section and choose from sevral layouts, all given the thumbs up by  
CSS Samurais and such out there.


Best way to do breadcrumbs (once and for all)? Sure check out the  
Navigation section.


It would be very useful if it really captured the problem, and  
suggested solutions to aspects, along with a discussion of those  
solutions. Yes, people probably just want the code to paste in, and  
there would be examples which they could use in that way, but for  
more complex problems, as I have mentioned earlier, itss just not  
flexible enough,


thanks for the thoughts,

john



etc...

What do you think?
R

- Original Message - From: John Allsopp [EMAIL PROTECTED]
To: wsg@webstandardsgroup.org
Sent: Monday, December 19, 2005 2:34 PM
Subject: [WSG] webpatterns and patternquiz


Hi all,

Some of you might have read my recent article, WebPatterns and
WebSemantics

http://westciv.typepad.com/dog_or_higher/2005/11/webpatterns_and.html

In a nutshell, a pattern is a a problem which occurs over and over
again … and … the core of the solution to that problem. When we
build sites, unconsciously we use patterns all the time - it's just
very little work has been done trying to capture and document them.
That's what I've started http://webpatterns.org to do.

The first big step here is the PatternQuiz

http://webpatterns.org/wordpress/?p=4

the aim of which is to explore existing patterns in web development.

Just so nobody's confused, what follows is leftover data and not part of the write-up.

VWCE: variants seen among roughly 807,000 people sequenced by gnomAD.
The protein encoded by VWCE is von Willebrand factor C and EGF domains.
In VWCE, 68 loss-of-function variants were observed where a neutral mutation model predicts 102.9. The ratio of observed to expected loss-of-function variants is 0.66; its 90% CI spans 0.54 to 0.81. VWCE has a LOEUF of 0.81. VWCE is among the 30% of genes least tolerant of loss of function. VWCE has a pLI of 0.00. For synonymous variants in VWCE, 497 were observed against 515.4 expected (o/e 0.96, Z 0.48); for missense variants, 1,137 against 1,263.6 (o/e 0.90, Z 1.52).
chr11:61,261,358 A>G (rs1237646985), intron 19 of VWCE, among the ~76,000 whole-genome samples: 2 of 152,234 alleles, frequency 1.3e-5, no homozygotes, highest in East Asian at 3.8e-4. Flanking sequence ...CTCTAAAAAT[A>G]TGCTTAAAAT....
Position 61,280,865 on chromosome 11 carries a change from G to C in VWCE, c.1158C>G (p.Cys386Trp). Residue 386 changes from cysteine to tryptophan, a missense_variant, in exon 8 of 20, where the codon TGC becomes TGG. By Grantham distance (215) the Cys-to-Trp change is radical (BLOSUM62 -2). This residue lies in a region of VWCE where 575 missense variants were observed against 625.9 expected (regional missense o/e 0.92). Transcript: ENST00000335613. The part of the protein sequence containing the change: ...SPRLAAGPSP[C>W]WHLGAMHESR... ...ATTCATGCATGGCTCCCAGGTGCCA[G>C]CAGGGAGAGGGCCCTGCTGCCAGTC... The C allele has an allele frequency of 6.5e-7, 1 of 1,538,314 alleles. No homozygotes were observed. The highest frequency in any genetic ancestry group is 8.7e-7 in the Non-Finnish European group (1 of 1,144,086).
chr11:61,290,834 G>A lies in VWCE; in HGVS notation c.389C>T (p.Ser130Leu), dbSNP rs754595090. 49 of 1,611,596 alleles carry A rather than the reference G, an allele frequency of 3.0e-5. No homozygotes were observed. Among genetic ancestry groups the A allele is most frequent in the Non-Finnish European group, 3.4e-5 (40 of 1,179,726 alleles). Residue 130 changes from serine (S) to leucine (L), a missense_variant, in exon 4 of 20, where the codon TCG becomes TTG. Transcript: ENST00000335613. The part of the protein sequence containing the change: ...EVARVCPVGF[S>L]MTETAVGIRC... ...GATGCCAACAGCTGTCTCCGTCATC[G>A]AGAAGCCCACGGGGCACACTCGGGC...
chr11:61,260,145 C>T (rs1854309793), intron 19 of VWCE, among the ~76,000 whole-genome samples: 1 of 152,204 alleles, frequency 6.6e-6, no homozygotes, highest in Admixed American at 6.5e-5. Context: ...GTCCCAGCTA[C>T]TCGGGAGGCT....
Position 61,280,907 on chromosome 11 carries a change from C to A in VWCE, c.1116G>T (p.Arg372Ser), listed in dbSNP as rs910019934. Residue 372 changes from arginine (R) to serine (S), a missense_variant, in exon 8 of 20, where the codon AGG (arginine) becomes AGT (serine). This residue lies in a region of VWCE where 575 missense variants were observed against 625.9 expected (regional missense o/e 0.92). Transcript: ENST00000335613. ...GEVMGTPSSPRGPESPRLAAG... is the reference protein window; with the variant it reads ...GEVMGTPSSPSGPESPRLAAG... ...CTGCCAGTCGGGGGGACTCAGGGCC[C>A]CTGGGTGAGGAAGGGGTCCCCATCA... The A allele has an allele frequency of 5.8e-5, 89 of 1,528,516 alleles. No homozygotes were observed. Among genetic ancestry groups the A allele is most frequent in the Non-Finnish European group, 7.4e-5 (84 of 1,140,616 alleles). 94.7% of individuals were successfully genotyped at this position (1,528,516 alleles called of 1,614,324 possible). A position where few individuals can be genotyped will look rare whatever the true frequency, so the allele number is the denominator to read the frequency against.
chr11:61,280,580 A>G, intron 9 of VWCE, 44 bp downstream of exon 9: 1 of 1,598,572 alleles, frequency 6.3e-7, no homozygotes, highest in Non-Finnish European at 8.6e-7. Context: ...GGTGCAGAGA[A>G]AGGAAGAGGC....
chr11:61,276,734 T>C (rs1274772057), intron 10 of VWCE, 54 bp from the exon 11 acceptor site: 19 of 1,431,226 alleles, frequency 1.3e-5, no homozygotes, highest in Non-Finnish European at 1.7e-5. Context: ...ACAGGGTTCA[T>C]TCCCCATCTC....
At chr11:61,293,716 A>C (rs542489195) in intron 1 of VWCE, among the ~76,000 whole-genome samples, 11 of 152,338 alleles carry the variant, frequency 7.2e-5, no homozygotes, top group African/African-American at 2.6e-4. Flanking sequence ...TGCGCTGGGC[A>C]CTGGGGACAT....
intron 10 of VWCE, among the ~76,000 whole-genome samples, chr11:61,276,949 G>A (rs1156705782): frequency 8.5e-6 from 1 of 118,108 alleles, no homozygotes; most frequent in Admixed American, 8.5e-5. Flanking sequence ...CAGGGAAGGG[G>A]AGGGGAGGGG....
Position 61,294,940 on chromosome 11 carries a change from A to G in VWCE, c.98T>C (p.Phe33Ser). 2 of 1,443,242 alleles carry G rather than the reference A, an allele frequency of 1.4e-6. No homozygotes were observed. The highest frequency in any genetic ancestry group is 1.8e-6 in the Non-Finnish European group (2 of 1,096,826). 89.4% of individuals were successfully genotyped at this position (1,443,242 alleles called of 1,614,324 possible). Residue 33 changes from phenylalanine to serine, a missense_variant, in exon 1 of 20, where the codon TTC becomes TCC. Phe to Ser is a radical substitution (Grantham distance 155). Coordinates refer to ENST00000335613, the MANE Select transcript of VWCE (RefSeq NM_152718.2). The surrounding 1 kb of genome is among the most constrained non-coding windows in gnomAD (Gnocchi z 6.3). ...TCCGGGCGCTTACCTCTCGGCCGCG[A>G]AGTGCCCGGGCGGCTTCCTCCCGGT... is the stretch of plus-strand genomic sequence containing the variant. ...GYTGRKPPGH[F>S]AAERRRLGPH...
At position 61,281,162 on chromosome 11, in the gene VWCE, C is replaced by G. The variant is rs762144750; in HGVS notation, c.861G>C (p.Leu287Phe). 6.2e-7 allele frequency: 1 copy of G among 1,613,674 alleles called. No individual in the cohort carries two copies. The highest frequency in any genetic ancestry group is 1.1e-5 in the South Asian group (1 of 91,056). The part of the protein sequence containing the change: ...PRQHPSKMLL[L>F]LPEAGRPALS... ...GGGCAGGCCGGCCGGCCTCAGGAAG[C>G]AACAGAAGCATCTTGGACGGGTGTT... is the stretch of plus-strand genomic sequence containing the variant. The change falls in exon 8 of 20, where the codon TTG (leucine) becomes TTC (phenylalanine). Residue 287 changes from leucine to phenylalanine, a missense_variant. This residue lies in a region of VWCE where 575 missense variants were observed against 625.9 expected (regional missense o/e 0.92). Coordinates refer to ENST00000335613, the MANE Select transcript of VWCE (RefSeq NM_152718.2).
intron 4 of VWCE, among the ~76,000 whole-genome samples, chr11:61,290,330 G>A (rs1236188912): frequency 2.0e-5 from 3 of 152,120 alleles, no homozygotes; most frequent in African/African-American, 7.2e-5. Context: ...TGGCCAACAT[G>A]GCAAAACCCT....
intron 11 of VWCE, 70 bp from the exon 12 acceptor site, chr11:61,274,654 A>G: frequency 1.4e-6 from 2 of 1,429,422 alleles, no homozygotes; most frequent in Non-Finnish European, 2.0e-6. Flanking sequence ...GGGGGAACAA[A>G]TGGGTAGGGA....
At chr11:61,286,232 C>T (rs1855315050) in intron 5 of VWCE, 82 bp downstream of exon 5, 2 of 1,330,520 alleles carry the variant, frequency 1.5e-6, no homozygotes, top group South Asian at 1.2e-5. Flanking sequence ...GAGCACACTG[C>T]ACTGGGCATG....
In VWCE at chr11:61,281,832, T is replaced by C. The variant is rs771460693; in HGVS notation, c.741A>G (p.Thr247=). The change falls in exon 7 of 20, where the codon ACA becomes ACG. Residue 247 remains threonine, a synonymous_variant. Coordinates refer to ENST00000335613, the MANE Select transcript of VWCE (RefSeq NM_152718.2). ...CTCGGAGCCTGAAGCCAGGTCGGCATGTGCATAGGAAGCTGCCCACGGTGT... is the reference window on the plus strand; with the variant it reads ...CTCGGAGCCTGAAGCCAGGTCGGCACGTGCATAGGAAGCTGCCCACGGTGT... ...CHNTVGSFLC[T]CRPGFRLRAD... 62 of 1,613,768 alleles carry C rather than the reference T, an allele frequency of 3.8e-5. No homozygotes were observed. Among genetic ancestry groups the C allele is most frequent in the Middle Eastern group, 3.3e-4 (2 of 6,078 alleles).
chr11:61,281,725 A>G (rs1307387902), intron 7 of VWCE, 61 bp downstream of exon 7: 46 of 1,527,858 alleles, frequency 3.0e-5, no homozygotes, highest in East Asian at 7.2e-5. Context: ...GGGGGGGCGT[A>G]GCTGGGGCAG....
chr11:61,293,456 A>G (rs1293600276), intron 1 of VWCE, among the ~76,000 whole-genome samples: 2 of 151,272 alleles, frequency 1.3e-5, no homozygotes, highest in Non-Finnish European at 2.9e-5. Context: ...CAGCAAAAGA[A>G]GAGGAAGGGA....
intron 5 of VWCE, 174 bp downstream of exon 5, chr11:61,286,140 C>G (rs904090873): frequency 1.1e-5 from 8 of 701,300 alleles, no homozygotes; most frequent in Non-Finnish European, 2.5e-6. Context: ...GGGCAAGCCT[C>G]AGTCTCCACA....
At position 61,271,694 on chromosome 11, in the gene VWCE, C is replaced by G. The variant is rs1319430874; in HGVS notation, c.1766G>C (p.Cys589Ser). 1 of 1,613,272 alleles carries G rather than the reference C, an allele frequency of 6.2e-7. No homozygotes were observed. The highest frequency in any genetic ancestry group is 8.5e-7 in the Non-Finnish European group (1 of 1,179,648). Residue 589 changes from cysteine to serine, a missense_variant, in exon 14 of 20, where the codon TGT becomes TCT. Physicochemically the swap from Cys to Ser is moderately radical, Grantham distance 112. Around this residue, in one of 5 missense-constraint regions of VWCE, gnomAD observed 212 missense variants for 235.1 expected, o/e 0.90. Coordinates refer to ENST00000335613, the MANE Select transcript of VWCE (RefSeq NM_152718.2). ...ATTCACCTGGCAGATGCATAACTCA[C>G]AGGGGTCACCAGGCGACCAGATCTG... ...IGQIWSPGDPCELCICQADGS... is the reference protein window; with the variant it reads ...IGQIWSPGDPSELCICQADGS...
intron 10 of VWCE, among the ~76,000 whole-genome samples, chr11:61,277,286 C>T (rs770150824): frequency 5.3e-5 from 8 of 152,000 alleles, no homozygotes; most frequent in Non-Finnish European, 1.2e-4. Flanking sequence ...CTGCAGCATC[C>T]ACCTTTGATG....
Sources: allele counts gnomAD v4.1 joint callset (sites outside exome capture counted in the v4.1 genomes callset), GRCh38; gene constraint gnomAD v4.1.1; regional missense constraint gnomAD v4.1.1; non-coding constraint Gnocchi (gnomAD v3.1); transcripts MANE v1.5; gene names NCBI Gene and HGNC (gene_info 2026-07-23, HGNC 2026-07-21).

I've started with site level patterns.

I'm really interested in the thoughts of all developers about the
patterns which we use, so if you have a moment please come along, and
contribute your thoughts and experience

john

John Allsopp

style master :: css editor :: http://westciv.com/style_master
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John Allsopp

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Re: [WSG] webpatterns and patternquiz

2005-12-19 Thread John Allsopp

Paul,


Love the idea.


thanks


I don't think it should be a replacement for many things
which are best learnt through hard expereince, but rather a 7 steps to
success guide for building a standards-based website.


things should not be hard simply for the sake of it. We need to  
distinguish the set of skills and knowledge that professional  
developers really need as a foundation to the discipline of web  
development from stuff that just happens to be hard because we  
haven't worked it out yet.



Sure, you could include best practice code samples, particularly for
off-page techniques etc. But I don't think providing baby steps for  
every
eventuality is the answer. That, in itself, has the potential for  
creating

lazy beginners.


Its not so much a matter of baby steps as a detailed understanding of  
the problems we find ourselves solving over and over again, coupled  
with suggested solutions. In order to use this effectively,  
developers will still need to have a great deal of understanding of  
what they are doing in technical and architectural domains. The fact  
that patterns are widely used in computer science and originated in  
Architecture suggests that they certainly don't make solving complex  
problems trivial, rather they help make the process more efficient,  
and hopefully give rise to better solutions in future